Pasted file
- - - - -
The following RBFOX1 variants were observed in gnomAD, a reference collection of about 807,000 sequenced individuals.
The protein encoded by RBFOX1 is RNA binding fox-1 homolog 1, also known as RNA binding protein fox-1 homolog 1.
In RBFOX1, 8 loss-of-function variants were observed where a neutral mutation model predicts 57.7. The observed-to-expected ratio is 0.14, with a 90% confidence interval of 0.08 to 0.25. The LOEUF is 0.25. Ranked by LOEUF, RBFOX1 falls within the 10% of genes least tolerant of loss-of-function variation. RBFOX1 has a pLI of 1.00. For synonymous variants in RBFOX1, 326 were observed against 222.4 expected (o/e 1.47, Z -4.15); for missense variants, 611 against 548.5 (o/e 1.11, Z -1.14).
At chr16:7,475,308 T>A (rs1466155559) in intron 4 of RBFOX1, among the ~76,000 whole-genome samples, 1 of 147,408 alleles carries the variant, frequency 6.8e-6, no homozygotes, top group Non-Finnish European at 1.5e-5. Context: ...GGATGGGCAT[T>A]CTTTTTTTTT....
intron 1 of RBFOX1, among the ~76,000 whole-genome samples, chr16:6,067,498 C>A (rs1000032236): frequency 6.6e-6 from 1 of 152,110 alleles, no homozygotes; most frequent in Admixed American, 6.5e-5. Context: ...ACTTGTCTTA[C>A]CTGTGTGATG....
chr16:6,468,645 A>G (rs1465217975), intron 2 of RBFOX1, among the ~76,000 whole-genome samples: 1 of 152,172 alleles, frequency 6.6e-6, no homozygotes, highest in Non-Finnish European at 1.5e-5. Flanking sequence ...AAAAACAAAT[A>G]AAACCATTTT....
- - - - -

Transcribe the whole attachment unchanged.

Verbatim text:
The following RBFOX1 variants were observed in gnomAD, a reference collection of about 807,000 sequenced individuals.
The protein encoded by RBFOX1 is RNA binding fox-1 homolog 1, also known as RNA binding protein fox-1 homolog 1.
In RBFOX1, 8 loss-of-function variants were observed where a neutral mutation model predicts 57.7. The observed-to-expected ratio is 0.14, with a 90% confidence interval of 0.08 to 0.25. The LOEUF is 0.25. Ranked by LOEUF, RBFOX1 falls within the 10% of genes least tolerant of loss-of-function variation. RBFOX1 has a pLI of 1.00. For synonymous variants in RBFOX1, 326 were observed against 222.4 expected (o/e 1.47, Z -4.15); for missense variants, 611 against 548.5 (o/e 1.11, Z -1.14).
At chr16:7,475,308 T>A (rs1466155559) in intron 4 of RBFOX1, among the ~76,000 whole-genome samples, 1 of 147,408 alleles carries the variant, frequency 6.8e-6, no homozygotes, top group Non-Finnish European at 1.5e-5. Context: ...GGATGGGCAT[T>A]CTTTTTTTTT....
intron 1 of RBFOX1, among the ~76,000 whole-genome samples, chr16:6,067,498 C>A (rs1000032236): frequency 6.6e-6 from 1 of 152,110 alleles, no homozygotes; most frequent in Admixed American, 6.5e-5. Context: ...ACTTGTCTTA[C>A]CTGTGTGATG....
chr16:6,468,645 A>G (rs1465217975), intron 2 of RBFOX1, among the ~76,000 whole-genome samples: 1 of 152,172 alleles, frequency 6.6e-6, no homozygotes, highest in Non-Finnish European at 1.5e-5. Flanking sequence ...AAAAACAAAT[A>G]AAACCATTTT....